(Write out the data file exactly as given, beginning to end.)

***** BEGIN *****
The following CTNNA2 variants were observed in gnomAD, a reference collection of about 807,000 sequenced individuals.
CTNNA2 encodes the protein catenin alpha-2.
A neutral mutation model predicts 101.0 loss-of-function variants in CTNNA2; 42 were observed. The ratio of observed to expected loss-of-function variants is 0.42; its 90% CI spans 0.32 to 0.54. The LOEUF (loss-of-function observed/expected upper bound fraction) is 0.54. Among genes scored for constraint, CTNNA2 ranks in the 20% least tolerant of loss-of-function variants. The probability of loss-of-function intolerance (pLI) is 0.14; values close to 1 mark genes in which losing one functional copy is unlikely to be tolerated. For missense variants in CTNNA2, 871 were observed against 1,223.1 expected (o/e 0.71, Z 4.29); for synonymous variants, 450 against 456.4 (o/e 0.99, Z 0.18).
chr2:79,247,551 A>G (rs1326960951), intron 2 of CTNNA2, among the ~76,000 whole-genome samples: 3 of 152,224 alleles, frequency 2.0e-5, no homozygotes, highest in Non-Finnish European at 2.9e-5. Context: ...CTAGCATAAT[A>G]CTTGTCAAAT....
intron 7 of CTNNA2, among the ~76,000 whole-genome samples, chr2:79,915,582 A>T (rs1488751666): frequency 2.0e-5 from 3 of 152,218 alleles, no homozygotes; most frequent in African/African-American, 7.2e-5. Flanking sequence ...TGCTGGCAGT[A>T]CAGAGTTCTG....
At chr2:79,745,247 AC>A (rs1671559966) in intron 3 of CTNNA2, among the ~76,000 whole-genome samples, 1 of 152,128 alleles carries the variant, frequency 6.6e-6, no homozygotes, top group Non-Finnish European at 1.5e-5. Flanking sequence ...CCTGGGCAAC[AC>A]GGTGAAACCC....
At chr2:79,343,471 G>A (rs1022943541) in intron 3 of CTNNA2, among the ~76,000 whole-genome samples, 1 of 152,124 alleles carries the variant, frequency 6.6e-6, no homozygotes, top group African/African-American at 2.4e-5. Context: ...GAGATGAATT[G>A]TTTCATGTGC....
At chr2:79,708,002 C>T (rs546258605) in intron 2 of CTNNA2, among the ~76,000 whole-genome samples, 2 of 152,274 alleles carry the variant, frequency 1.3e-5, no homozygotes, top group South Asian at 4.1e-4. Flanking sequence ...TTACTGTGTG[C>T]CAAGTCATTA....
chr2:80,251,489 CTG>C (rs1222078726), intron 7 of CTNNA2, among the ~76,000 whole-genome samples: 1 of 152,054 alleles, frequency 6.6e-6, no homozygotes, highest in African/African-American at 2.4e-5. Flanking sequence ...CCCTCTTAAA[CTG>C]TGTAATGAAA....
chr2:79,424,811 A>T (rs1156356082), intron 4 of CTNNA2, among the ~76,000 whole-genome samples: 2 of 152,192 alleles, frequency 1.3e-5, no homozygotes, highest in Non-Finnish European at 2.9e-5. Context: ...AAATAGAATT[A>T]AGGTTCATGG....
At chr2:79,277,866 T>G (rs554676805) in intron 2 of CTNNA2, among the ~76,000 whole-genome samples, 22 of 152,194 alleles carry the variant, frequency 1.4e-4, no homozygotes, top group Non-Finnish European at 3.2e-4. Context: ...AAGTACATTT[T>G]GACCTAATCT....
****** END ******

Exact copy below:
The following CTNNA2 variants were observed in gnomAD, a reference collection of about 807,000 sequenced individuals.
CTNNA2 encodes the protein catenin alpha-2.
A neutral mutation model predicts 101.0 loss-of-function variants in CTNNA2; 42 were observed. The ratio of observed to expected loss-of-function variants is 0.42; its 90% CI spans 0.32 to 0.54. The LOEUF (loss-of-function observed/expected upper bound fraction) is 0.54. Among genes scored for constraint, CTNNA2 ranks in the 20% least tolerant of loss-of-function variants. The probability of loss-of-function intolerance (pLI) is 0.14; values close to 1 mark genes in which losing one functional copy is unlikely to be tolerated. For missense variants in CTNNA2, 871 were observed against 1,223.1 expected (o/e 0.71, Z 4.29); for synonymous variants, 450 against 456.4 (o/e 0.99, Z 0.18).
chr2:79,247,551 A>G (rs1326960951), intron 2 of CTNNA2, among the ~76,000 whole-genome samples: 3 of 152,224 alleles, frequency 2.0e-5, no homozygotes, highest in Non-Finnish European at 2.9e-5. Context: ...CTAGCATAAT[A>G]CTTGTCAAAT....
intron 7 of CTNNA2, among the ~76,000 whole-genome samples, chr2:79,915,582 A>T (rs1488751666): frequency 2.0e-5 from 3 of 152,218 alleles, no homozygotes; most frequent in African/African-American, 7.2e-5. Flanking sequence ...TGCTGGCAGT[A>T]CAGAGTTCTG....
At chr2:79,745,247 AC>A (rs1671559966) in intron 3 of CTNNA2, among the ~76,000 whole-genome samples, 1 of 152,128 alleles carries the variant, frequency 6.6e-6, no homozygotes, top group Non-Finnish European at 1.5e-5. Flanking sequence ...CCTGGGCAAC[AC>A]GGTGAAACCC....
At chr2:79,343,471 G>A (rs1022943541) in intron 3 of CTNNA2, among the ~76,000 whole-genome samples, 1 of 152,124 alleles carries the variant, frequency 6.6e-6, no homozygotes, top group African/African-American at 2.4e-5. Context: ...GAGATGAATT[G>A]TTTCATGTGC....
At chr2:79,708,002 C>T (rs546258605) in intron 2 of CTNNA2, among the ~76,000 whole-genome samples, 2 of 152,274 alleles carry the variant, frequency 1.3e-5, no homozygotes, top group South Asian at 4.1e-4. Flanking sequence ...TTACTGTGTG[C>T]CAAGTCATTA....
chr2:80,251,489 CTG>C (rs1222078726), intron 7 of CTNNA2, among the ~76,000 whole-genome samples: 1 of 152,054 alleles, frequency 6.6e-6, no homozygotes, highest in African/African-American at 2.4e-5. Flanking sequence ...CCCTCTTAAA[CTG>C]TGTAATGAAA....
chr2:79,424,811 A>T (rs1156356082), intron 4 of CTNNA2, among the ~76,000 whole-genome samples: 2 of 152,192 alleles, frequency 1.3e-5, no homozygotes, highest in Non-Finnish European at 2.9e-5. Context: ...AAATAGAATT[A>T]AGGTTCATGG....
At chr2:79,277,866 T>G (rs554676805) in intron 2 of CTNNA2, among the ~76,000 whole-genome samples, 22 of 152,194 alleles carry the variant, frequency 1.4e-4, no homozygotes, top group Non-Finnish European at 3.2e-4. Context: ...AAGTACATTT[T>G]GACCTAATCT....